Classic Wooden Fishing Boats of the Vietnamese Coast is a lovely, coffee-table size volume, produced entirely in color, and wisely formatted in landscape mode, which is by far the better choice for presenting photos of boats and ships. Preston’s photos are lively and colorful, and most do an excellent job illustrating the matter at hand. For the few that don’t come up to that standard, anyone familiar with photographing industrial workplaces will acknowledge that ideal composition and lighting can be elusive, and Preston has done a fine job working in challenging conditions. One must admire his dedication to the project and the opportunities he made for himself to hang around boatyards and gam with builders and fishermen. He has produced a valuable body of ethnographic data that captures fishing and boatbuilding practices as they were during the early 21st century and will never be again.

Given its value to vernacular boat students and enthusiasts, it is unfortunate that Classic Wooden Fishing Boats of the Vietnamese Coast is so difficult to obtain. It was published only in Vietnam and never properly distributed in the West. One hopes a Western publisher will pick it up someday or that it will be made available by other means.

UPDATE 17 June, 2024: I just learned that the book is available at a very reasonable price on Small Craft Advisor.

 

Wednesday, March 20, 2024

Download Worcester's Crooked Junks, Free

B&W photo of crooked stern junk
A crooked-stern salt junk of Fowchow, from Worcester, G. (1941) Notes on the Crooked-bow and Crooked-stern Junks of Szechwan, following p.36.

Among the most unusual Chinese watercraft are those described by G.R.G. Worcester in Notes on the Crooked-bow and Crooked-stern Junks of Szechwan (1941, Inspector General of Customs [Shanghai]), now available for free download here

Sketch of two crooked stern types
Different configurations of crooked sterns, from Worcester, 1941, plate 13.

Both types were used as transporters for the salt industry, with the crooiked-bow type being specially adapted to running a tortuous and twisting whitewater river, as shown in the image below. The junks were controlled by a huge sweep aft when running downriver, and were hauled by lines when travelling upstream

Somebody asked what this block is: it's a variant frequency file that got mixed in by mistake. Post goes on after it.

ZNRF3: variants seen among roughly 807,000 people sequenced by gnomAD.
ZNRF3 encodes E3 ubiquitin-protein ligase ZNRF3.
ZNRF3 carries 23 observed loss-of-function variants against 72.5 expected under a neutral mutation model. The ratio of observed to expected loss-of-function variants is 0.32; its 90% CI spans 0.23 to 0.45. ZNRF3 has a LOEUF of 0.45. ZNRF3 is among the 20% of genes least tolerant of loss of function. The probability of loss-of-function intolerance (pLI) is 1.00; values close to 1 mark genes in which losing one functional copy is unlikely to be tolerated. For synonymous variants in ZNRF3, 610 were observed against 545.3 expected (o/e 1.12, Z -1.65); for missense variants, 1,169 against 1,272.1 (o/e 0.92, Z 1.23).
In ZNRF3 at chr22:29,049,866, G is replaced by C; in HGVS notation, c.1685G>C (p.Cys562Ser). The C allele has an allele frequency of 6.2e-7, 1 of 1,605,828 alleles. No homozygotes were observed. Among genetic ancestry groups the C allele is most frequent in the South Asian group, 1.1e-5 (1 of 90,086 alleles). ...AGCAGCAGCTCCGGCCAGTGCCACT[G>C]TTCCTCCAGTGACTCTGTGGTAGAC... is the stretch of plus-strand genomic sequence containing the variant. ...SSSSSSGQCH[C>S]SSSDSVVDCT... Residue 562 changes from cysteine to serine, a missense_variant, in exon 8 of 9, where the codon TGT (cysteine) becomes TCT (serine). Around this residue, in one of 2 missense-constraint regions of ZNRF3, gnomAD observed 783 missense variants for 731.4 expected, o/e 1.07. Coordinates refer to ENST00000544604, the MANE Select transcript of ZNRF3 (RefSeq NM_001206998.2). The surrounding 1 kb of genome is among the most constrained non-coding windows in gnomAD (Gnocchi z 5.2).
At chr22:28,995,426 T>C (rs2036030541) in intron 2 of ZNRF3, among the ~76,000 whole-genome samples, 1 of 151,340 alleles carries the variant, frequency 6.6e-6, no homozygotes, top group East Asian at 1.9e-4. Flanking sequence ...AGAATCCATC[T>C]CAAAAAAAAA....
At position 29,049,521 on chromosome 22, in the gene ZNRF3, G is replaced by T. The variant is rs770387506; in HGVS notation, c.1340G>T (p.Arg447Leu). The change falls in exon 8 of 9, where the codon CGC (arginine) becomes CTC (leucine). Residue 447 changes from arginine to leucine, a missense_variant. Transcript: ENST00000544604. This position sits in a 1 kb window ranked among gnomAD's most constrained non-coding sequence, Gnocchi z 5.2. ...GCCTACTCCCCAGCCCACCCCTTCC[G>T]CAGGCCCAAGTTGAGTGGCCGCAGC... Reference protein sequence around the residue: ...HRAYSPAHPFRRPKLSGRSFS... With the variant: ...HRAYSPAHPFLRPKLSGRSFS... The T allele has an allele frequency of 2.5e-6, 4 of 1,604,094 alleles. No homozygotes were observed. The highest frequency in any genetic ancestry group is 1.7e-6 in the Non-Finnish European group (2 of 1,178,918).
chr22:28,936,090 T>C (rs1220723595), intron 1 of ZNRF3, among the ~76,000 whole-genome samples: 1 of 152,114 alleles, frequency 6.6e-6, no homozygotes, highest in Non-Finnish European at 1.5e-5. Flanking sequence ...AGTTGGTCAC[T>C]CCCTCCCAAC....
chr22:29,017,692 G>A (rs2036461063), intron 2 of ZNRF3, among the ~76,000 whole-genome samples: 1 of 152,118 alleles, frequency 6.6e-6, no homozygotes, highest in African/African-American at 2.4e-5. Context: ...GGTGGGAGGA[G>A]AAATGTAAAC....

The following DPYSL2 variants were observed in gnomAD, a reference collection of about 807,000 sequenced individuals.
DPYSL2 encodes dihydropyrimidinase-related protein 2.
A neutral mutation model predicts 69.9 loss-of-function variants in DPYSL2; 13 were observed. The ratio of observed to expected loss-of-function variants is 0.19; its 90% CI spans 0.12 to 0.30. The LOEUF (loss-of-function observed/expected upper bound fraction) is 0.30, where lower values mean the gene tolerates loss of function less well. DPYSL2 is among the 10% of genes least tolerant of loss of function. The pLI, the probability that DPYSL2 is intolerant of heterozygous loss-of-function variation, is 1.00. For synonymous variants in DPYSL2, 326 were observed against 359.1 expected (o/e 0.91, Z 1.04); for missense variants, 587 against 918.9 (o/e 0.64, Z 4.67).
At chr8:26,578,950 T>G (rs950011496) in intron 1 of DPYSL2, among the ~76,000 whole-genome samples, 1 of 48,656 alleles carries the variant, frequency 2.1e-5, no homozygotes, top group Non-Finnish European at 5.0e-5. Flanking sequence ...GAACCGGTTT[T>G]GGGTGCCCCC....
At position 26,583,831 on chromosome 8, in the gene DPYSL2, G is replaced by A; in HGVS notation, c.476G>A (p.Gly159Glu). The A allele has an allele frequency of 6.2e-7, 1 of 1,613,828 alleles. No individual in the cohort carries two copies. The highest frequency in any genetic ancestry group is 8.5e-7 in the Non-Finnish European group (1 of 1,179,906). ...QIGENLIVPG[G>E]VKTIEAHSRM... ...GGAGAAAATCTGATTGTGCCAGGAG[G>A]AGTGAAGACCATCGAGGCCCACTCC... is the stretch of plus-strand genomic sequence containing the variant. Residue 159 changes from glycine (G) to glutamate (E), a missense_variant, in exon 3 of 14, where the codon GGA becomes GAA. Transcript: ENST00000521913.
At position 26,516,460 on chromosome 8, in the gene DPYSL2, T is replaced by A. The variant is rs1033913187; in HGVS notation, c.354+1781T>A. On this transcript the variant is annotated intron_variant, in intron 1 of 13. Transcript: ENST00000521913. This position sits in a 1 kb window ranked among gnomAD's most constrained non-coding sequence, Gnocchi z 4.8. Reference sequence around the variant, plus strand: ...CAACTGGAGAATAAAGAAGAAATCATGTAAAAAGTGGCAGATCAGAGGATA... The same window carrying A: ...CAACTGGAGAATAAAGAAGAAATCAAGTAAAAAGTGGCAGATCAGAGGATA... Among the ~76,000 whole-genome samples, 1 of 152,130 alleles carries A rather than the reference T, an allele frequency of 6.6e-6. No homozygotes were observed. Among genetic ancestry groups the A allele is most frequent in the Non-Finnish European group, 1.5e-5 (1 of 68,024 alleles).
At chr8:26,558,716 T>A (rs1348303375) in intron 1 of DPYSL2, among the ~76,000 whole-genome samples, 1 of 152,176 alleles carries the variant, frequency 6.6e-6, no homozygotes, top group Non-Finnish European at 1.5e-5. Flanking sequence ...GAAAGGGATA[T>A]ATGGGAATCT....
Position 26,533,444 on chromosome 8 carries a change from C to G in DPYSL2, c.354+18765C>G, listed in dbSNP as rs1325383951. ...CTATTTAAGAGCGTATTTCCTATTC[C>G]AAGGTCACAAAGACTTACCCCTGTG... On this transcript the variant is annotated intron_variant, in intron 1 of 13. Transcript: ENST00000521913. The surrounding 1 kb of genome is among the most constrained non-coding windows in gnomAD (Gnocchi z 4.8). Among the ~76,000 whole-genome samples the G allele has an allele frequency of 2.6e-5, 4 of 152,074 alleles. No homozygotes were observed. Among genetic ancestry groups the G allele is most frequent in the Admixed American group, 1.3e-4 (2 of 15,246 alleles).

Sketch map showing route of salt junks through twisting section of river
The salt junk's path through a risky section of river, from Worcester, 1941, plate 8.

Worcester devotes much attention to the salt industry itself, describing its technology and economics, before turning to the vessels. As in his other works on Chinese junks and sampans (see more free downloads), he scrupulously documents the boats' structures, as in the next image. But he also describes in detail the boats' handling and the "domestic" lives on the crew when aboard.

Sketch showing staple that passes through boat to fasten inside of wale to outside of adjacent plank.
Method of fastening plank to wale on a salt junk, from Worcester, 1941, following p.42.

In addition to the two larger junks named in the book's title are plans and descriptions of two smaller vessels: the Tzeliutsing salt sampan and ferry sampan.

Many thanks to the contributor who provided this document so that we could make it available as a free resource.

Tuesday, January 30, 2024

Classification of Junks by Worcester - Free Download

Four bow types of junks: Kiangsu, Chekiang, Fukien, Kwangtung
Bow typology of Chinese junks, from A Classification of the Principal Chinese Sea-going Junks by Worcester (1948).

Continuing our series of free downloads of books about Asian watercraft, we are pleased to offer the useful A Classification of the Principal Chinese Sea-going Junks (South of the Yangtze), by G.R.G. Worcester, made available to us by a contributor who wishes to remain anonymous. The book was published by China's Inspectorate General of Customs in 1948. 

Focusing entirely on sailing craft, Worcester identifies 93 junk types in the area of study. Few of them are less than 50' (about 15m) LOA  and some are well over 100' (30m). His guide to identification relies on three main characteristics. In order of importance they are: bow shape; stern shape, and (surprisingly), decoration and color scheme, which, he says, are highly characteristic of the region in which each type is found. Also suprising is that he lists the rig as a characteristic of secondary importance, less significant in identification than color and decoration. His typology for the main bow types is shown above.

Each type is depicted on a two-page spread, with the left page bearing a profile drawing of the ship above the waterline, including its rig. The right-hand page is consistently formatted with details of design, locale, and usage, as shown in the example below.

Junk profile diagram and description
Yencheng Trader-type junk, an example of the type descriptions in A Classification of the Principal Chinese Sea-going Junks by Worcester (1948).

Other books on Chinese and East Asian watercraft are available for free download on this page, including other works by Worcester.